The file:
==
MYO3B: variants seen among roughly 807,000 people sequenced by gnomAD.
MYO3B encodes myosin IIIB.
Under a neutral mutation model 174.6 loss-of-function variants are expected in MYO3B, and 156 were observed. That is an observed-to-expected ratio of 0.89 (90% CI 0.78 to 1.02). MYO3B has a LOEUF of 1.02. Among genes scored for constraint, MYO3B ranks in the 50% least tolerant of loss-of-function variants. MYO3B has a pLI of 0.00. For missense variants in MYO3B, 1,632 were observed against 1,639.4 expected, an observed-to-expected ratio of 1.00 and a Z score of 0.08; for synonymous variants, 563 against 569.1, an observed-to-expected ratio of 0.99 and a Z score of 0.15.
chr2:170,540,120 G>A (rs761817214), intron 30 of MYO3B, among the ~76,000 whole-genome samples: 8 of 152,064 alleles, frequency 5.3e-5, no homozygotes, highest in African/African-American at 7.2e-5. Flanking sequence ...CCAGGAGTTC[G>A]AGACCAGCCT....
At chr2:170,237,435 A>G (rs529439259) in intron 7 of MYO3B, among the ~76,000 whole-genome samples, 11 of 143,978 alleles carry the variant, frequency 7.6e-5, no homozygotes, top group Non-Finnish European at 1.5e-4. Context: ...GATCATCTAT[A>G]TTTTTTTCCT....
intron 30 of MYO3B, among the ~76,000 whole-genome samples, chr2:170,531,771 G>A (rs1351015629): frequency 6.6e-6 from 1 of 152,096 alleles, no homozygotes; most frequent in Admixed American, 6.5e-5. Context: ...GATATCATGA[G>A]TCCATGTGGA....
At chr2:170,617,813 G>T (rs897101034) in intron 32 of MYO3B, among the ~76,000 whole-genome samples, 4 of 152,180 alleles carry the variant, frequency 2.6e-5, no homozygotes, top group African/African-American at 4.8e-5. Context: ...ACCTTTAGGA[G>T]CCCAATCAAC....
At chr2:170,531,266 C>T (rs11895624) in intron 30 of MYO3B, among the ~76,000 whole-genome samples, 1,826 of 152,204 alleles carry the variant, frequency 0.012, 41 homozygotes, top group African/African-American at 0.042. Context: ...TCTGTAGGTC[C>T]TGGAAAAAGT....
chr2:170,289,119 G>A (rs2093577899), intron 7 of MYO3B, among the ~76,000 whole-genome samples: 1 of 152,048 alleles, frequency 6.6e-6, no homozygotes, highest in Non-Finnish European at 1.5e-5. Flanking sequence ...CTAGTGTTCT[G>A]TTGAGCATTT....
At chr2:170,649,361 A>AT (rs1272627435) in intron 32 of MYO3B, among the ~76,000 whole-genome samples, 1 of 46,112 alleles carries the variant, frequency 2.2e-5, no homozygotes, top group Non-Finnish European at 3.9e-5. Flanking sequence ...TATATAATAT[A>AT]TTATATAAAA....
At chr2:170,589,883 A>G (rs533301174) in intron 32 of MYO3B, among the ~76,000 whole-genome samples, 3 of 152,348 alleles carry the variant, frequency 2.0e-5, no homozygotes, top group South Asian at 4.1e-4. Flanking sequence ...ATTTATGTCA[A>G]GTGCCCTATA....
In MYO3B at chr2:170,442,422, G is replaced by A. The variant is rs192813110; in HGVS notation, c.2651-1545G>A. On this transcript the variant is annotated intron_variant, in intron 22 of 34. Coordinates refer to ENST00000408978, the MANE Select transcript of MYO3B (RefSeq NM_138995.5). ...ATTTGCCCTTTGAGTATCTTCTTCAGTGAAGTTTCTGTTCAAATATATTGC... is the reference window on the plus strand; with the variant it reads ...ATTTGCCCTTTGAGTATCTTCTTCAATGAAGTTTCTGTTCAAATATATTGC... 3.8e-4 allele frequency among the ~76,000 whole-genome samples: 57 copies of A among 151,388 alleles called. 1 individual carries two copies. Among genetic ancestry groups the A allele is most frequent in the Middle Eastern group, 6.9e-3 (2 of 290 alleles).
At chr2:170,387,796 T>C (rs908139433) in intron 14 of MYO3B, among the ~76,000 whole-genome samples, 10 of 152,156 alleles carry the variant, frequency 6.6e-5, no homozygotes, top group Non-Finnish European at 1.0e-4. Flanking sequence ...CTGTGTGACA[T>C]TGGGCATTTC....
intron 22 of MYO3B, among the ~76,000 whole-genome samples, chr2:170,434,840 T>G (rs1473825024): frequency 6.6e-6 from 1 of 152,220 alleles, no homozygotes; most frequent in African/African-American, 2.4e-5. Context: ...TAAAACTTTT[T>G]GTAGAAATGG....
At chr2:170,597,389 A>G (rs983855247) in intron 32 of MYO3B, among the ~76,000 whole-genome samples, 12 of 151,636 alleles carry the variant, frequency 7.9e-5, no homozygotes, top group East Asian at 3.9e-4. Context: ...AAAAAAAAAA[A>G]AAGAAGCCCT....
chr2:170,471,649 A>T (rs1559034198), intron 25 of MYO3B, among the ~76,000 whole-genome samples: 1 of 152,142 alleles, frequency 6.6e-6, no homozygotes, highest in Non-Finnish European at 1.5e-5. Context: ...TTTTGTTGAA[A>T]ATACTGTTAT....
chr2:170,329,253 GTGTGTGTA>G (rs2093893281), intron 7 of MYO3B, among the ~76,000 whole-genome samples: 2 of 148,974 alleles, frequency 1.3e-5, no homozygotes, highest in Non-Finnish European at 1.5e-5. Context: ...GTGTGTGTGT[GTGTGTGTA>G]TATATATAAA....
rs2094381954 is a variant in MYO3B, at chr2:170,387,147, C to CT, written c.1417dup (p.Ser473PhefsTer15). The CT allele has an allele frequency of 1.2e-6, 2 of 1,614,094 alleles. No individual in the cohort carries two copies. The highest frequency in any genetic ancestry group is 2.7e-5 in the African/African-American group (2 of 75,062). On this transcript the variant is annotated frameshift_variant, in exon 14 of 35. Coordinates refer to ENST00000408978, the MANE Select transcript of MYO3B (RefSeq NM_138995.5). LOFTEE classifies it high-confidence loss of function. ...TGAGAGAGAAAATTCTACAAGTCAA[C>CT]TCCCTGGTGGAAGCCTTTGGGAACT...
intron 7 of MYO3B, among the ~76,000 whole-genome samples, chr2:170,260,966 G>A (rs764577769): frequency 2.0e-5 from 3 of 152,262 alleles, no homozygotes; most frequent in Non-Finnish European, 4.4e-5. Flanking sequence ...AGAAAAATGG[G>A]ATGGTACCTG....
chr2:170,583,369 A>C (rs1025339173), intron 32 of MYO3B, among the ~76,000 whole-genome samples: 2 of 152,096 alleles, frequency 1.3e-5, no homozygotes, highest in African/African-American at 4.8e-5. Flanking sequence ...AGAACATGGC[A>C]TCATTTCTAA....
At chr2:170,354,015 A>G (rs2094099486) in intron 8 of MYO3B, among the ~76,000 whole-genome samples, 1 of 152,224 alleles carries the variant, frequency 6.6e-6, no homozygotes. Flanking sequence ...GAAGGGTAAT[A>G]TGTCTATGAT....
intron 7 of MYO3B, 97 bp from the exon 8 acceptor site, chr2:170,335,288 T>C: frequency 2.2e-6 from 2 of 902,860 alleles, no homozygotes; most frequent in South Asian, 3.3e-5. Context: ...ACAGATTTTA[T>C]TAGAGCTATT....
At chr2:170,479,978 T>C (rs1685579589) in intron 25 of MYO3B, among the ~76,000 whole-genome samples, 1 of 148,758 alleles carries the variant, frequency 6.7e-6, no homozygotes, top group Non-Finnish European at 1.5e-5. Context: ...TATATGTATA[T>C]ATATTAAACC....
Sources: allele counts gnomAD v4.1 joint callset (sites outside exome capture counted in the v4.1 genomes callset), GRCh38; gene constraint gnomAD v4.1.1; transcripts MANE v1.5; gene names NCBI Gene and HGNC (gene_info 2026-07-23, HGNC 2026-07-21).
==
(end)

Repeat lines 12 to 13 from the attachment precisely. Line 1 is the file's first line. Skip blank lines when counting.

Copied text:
In MYO3B at chr2:170,442,422, G is replaced by A. The variant is rs192813110; in HGVS notation, c.2651-1545G>A. On this transcript the variant is annotated intron_variant, in intron 22 of 34. Coordinates refer to ENST00000408978, the MANE Select transcript of MYO3B (RefSeq NM_138995.5). ...ATTTGCCCTTTGAGTATCTTCTTCAGTGAAGTTTCTGTTCAAATATATTGC... is the reference window on the plus strand; with the variant it reads ...ATTTGCCCTTTGAGTATCTTCTTCAATGAAGTTTCTGTTCAAATATATTGC... 3.8e-4 allele frequency among the ~76,000 whole-genome samples: 57 copies of A among 151,388 alleles called. 1 individual carries two copies. Among genetic ancestry groups the A allele is most frequent in the Middle Eastern group, 6.9e-3 (2 of 290 alleles).
At chr2:170,387,796 T>C (rs908139433) in intron 14 of MYO3B, among the ~76,000 whole-genome samples, 10 of 152,156 alleles carry the variant, frequency 6.6e-5, no homozygotes, top group Non-Finnish European at 1.0e-4. Flanking sequence ...CTGTGTGACA[T>C]TGGGCATTTC....